Now we've found a true community hole -- six boats scattered around some gnarly stumps. Jeff Kriet jokingly bet us he could idle the next mile without hitting something. He made it about 30 feet before he thwacked a stump the size of a Volkswagen. I'd love to have a fiberglass shop or prop repair shop nearby. It would be absolutely recession-proof.
It took us four tries in Pool 5 to find anyone. My boat driver Chris took me to Little Ninock and Bulldozer but they were empty, as was Bishop's Lake. Finally we found a couple of anglers in Caspiana but it's awfully muddy back here. Still, it has wads of matted hyacinths that just beckon for a flipping stick.
The lock will close at 7:50 with 16 boats total, including some heavy hitters. Then again, they're all heavy hitters
Davy Hite is drinking Muscle Milk, his tournament day staple. "Welcome to the gun show," said Mark Zona, his observer for the day.
As my boat driver Chris and I sped to the lock, we saw Bobby Lane headed the other way -- mechanical problem, gamesmanship or last minute indecision?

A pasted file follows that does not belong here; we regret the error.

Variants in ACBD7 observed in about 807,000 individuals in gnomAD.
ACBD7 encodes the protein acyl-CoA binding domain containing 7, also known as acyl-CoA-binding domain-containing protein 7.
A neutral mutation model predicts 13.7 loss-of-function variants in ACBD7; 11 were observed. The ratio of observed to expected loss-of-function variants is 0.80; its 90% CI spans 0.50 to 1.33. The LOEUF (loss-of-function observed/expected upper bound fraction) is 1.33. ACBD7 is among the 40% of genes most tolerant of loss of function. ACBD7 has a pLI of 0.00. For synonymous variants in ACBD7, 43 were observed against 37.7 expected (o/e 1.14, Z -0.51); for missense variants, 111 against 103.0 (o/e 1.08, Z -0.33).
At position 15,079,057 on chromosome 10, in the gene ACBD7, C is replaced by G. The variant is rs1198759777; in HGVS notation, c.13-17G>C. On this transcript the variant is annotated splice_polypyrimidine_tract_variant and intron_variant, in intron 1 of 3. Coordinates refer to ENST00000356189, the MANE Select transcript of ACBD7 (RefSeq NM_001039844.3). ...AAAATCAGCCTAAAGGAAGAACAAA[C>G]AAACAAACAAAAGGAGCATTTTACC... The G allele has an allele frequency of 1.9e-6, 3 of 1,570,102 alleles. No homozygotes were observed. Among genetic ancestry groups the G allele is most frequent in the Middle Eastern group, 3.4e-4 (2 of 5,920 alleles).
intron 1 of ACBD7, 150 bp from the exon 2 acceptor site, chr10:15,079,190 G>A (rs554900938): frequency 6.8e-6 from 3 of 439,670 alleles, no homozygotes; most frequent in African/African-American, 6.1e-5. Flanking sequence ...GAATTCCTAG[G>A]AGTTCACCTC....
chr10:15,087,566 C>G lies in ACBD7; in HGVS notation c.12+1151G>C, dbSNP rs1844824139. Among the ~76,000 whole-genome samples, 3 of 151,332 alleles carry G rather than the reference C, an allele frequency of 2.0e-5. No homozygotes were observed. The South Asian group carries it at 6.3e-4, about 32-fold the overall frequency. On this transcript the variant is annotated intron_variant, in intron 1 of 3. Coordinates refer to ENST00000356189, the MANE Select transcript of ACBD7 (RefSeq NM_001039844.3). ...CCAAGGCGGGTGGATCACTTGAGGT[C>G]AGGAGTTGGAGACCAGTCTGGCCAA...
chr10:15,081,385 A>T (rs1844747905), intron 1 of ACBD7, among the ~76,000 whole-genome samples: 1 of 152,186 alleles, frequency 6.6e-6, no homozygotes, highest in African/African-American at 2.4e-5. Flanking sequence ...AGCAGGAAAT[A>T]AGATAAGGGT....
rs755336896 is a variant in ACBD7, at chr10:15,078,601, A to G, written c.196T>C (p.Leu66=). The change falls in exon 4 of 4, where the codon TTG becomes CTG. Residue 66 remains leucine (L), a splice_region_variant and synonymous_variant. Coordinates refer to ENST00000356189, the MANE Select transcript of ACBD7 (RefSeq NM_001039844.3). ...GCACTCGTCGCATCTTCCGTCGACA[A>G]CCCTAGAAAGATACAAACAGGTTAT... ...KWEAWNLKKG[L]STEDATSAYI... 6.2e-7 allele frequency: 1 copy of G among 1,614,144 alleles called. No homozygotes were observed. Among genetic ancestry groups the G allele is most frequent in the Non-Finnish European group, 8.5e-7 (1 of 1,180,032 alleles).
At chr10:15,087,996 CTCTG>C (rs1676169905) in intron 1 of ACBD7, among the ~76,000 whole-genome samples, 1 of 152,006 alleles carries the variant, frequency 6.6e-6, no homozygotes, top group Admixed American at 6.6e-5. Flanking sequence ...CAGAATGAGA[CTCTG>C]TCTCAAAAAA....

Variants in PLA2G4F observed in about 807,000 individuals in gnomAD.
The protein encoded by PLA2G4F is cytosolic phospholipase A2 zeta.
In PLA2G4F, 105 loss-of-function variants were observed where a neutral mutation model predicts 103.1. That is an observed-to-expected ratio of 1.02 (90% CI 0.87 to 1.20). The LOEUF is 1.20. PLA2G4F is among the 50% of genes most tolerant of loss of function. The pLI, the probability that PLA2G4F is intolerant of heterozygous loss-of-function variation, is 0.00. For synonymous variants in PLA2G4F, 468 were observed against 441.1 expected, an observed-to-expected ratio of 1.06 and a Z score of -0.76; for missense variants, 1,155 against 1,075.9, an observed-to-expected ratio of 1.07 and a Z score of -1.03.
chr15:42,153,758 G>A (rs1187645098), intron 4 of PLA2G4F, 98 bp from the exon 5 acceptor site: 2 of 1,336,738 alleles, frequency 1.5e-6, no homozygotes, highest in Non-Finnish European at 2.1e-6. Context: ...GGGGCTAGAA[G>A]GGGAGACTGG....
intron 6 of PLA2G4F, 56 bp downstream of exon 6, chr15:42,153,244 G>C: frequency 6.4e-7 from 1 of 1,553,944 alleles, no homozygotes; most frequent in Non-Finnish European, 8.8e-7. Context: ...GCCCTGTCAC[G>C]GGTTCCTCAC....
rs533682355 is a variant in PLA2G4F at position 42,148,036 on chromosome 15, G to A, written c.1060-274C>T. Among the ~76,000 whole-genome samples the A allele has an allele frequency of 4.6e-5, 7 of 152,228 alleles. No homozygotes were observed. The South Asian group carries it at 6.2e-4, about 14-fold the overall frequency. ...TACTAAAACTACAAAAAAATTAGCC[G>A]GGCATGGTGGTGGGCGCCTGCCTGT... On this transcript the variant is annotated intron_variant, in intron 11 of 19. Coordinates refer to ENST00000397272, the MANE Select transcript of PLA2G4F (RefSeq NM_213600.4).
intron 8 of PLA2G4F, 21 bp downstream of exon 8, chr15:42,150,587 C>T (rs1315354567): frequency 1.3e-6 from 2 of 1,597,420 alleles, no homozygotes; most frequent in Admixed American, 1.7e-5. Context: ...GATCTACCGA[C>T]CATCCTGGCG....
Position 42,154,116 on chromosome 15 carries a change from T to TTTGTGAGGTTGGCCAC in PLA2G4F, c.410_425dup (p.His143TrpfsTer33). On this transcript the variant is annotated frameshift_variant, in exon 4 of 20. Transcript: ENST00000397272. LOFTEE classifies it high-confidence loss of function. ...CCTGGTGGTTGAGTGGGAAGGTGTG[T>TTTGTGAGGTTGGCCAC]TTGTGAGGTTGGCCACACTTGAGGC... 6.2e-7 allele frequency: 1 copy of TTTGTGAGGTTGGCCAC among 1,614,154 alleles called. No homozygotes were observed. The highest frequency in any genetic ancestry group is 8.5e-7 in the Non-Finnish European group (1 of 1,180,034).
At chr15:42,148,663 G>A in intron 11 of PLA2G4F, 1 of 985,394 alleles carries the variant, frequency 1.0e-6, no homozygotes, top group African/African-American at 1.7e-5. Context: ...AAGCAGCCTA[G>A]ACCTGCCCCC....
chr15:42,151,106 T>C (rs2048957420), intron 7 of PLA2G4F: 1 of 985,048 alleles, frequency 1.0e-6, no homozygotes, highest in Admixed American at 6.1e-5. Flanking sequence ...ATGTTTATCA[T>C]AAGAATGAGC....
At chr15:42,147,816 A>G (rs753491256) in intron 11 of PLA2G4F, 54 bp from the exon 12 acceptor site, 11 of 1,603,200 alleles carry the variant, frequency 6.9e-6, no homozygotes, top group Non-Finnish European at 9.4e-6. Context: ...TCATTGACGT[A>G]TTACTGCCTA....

We have a murderer's row of river rats lined up on one side of the dock here at Red River South -- Greg Hackney, Stephen Browning and Bill Lowen. That's a lot of shallow water bass fishing expertise in a confined area.
To win on the Red River takes four similar steps, but the devil is in the details, which change from minute to minute, so even a seemingly foolproof plan to can be undone by one variable that doesn’t play out as expected.
Flipping and pitching legend Denny Brauer has never seen a waterway or situation that didn't cry out for the big stick and a short line.
Oneida was the sole reason Elite angler Bernie Schultz signed up to fish the Northern Opens.
The bottom line with the recent Nate Wellman "scandal-that’s-not-a-scandal" is that we’ll never know exactly what happened.